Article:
The first queen of Gowa was Tomanurung Baine.[1] There is not much known about the exact time when the kingdom was established nor about the first queen, and only during the ruling of the 6th king, Tonatangka Kopi, local sources have noted about the division of the kingdom into two new kingdoms led by two Kopi's sons: Kingdom of Gowa led by Batara Gowa as its 7th king covering areas of Paccelekang, Pattalasang, Bontomanai Ilau, Bontomanai 'Iraya, Tombolo and Mangasa while the other son, Karaeng Loe ri Sero, led a new kingdom called Tallo which includes areas of Saumata, Pannampu, Moncong Loe, and Parang Loe.[1]

For years both kingdoms were involved in wars until the kingdom of Tallo was defeated. During the reign of King of Gowa X, I Manriwagau Daeng Bonto Karaeng Lakiung Tunipalangga Ulaweng (1512-1546), the two kingdoms were reunified to become twin kingdoms under a deal called Rua Kareng se're ata (dual kings, single people in Makassarese) and enforced with a binding treaty.[1] Since then, when someone becomes a king of Tallo, he also becomes the king of Gowa. Many historians then simply call these Gowa-Tallo twin kingdoms as Makassar or just Gowa.[1]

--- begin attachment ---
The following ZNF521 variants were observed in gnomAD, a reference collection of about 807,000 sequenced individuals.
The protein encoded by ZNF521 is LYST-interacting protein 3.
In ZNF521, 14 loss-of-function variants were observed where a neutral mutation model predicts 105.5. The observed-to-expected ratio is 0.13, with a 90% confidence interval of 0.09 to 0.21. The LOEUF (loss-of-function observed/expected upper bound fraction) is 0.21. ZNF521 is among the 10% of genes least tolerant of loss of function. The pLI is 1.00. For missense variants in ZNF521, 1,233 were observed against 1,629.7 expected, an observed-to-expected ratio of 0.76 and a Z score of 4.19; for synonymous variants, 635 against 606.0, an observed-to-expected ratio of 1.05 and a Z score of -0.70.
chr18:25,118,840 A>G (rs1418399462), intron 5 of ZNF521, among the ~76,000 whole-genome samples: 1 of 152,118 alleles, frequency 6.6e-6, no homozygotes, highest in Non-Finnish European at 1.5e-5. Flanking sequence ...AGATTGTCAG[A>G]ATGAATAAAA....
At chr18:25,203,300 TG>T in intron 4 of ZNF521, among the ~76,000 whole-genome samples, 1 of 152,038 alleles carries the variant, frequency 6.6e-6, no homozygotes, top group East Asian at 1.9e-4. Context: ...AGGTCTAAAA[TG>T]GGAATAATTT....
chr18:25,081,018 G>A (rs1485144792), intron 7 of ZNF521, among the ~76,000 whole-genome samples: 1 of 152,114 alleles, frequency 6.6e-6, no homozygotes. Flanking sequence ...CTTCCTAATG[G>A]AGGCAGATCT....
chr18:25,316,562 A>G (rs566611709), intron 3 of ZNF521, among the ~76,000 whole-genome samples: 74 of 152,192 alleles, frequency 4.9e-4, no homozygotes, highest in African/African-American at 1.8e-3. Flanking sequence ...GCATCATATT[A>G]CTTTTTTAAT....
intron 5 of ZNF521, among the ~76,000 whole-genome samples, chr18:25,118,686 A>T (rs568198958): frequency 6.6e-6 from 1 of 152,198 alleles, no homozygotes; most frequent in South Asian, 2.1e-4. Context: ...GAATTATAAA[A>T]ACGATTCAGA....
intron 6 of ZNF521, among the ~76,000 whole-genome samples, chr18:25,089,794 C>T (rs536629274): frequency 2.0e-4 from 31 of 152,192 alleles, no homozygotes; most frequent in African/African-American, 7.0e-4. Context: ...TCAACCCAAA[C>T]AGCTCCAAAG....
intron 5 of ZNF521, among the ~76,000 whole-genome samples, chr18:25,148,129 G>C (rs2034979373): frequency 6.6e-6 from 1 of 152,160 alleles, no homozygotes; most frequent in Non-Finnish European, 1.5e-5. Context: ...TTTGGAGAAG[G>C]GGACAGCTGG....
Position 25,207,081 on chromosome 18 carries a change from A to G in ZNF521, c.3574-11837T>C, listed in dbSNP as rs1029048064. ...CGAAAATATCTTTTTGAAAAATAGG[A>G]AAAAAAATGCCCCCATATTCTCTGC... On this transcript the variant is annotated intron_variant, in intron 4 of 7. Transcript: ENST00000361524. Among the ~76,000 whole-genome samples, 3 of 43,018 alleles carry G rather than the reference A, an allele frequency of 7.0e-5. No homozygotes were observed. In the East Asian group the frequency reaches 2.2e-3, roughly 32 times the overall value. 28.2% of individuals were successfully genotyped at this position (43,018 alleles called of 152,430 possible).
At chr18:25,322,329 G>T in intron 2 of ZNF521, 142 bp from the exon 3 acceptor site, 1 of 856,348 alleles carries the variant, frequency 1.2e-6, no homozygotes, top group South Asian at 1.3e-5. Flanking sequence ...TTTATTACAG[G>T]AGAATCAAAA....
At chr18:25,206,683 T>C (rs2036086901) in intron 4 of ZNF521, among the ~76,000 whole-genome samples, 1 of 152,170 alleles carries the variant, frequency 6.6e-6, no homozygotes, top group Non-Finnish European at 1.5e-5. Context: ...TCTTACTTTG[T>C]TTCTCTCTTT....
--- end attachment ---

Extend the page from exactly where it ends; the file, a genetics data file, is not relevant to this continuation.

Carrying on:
List of Pre-Islamic Rules[3][4]
No. Name Lifetime Reign
1 Tumanurung Baine mid-14th century
2 Tumassalangga Baraya
3 I Puang Lowe Lembang
4 I Tuniatabanri
5 Karampang ri Gowa
6 Tunatangka Lopi
7 Batara Gowa, titled Tumenanga ri Paralakkenna
8 Pakere Tau Tunijallo ri Passukki Late 1510 - early 1511
9 Daeng Matanre Karaeng Tumapa'risi' Kallonna Late 1510/early 1511 - late 1546
10 I Manriwagau Daeng Bonto Karaeng Lakiung Tunipalangga Ulaweng 1511 - 1565 1546 - 1565
11 I Tajibarani Daeng Marompa Karaeng Data Tunibatte 1517 - 1565 1565 (only 40 days)
12 I Manggorai Daeng Mameta Karaeng Bontolangkasa Tunikallo 1545 - late 1590